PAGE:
What challenges did you encounter on your path to a leadership role? Are there any strategies you can share to help women overcome obstacles to advancement?  

I think we’ve all encountered similar challenges, it’s just the degree of severity that varies and how you respond to it. When faced with obstacles to advancement, you have to figure out why it’s there. And then map out a path to overcome it. This often starts with taking an honest and open self-assessment. Is there something you should be doing differently or a skillset you’re lacking? Bring your manager into your career development conversation early and communicate often. And find a mentor! Someone you admire who has something that you want to further develop.  

How do you recharge?  

I recharge through travel: I usually go to India every two years and then try to go to a country I’ve never visited on my off years. And of course, an island vacation thrown in! Trips and vacations are very different, and both are equally important to me. And hanging out with my fam. We don’t celebrate Christmas, so Thanksgiving is a big deal for us — my mother’s rule is if you’re alive and, in the country, you’re at her house for Thanksgiving! The ritual of it is very comforting for me. 

Judy Zheng, Living Proof Chemist III 

smiling woman named Judy Zheng

What do you think will be the biggest challenge for the next generation of women in STEM?  

I think the same challenges today will carry over to the next generation of women in STEM. There’s still the wage disparity or the thinking that women cannot be as smart as men.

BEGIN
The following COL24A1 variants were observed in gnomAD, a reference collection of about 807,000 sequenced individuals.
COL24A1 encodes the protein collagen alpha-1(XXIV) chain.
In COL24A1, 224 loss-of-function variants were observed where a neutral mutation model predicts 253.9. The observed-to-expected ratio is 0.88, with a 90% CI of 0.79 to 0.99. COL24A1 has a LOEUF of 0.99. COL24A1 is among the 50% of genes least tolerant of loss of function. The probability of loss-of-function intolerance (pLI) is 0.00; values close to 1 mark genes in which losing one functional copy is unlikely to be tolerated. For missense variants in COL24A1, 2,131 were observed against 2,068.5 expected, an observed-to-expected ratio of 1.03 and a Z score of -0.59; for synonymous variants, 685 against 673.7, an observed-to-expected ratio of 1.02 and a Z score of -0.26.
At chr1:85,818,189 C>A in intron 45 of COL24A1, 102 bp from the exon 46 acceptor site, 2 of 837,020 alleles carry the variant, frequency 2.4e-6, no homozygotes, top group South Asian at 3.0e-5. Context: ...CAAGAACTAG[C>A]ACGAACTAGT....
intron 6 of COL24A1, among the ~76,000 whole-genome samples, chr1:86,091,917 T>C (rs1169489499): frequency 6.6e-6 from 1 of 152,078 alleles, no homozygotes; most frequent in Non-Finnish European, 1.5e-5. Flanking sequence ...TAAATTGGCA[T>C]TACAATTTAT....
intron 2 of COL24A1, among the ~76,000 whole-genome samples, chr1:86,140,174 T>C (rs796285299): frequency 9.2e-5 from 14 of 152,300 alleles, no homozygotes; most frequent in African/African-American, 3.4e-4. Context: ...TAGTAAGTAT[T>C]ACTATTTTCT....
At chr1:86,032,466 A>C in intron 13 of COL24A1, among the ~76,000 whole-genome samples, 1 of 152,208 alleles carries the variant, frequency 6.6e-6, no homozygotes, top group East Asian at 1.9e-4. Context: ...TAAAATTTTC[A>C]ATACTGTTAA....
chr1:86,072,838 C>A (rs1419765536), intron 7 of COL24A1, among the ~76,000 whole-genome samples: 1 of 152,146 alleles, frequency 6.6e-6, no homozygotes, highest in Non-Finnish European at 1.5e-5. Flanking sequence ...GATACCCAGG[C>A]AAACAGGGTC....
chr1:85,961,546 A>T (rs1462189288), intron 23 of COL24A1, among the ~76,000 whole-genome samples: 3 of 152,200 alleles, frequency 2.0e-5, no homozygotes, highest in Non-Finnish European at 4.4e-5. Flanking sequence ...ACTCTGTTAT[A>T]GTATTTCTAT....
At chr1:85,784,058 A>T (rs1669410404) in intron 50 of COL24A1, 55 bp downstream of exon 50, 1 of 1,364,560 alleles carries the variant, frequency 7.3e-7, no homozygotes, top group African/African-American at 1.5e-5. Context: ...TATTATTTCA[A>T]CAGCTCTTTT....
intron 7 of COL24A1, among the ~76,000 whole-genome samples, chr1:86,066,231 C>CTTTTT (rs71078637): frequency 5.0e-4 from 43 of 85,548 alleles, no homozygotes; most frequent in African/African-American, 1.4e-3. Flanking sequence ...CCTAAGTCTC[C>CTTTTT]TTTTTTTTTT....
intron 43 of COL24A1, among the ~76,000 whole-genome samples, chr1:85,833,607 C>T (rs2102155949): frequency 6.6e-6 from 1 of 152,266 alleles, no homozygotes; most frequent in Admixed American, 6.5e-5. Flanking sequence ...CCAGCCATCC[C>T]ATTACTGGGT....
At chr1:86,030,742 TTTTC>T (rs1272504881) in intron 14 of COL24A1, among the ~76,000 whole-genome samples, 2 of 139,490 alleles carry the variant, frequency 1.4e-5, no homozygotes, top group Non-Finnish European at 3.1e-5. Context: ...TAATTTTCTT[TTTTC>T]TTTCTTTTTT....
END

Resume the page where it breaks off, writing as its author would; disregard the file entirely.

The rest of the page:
What advice would you give to women who want to get into STEM?  

We need more women in STEM; we can achieve so much in numbers. Don’t be hesitant — there are plenty of women in front of you trailblazing a path for the rest of us, and there will always be women behind you looking up to you for guidance. We all need to help each other and work together and that way, anything is achievable. Don’t let anyone say you can’t get into STEM.  

What do you think is the biggest issue for women in the workplace?  

I think there are still several issues women face in the workplace, such as getting overlooked for promotions or pay raises if they’re not as outspoken or confident as their male counterparts. Another is knowing that men won’t need to take 12 weeks off for maternity leave, which translates to them being more ‘reliable.’  I also think women in general are too nice or hesitant to step on toes to get ahead, but also when we are assertive, we’re deemed bossy or a ‘problem’ instead of being a great worker or leader.  

How do you recharge?  

Rest up at home or read a book with a nice warm latte.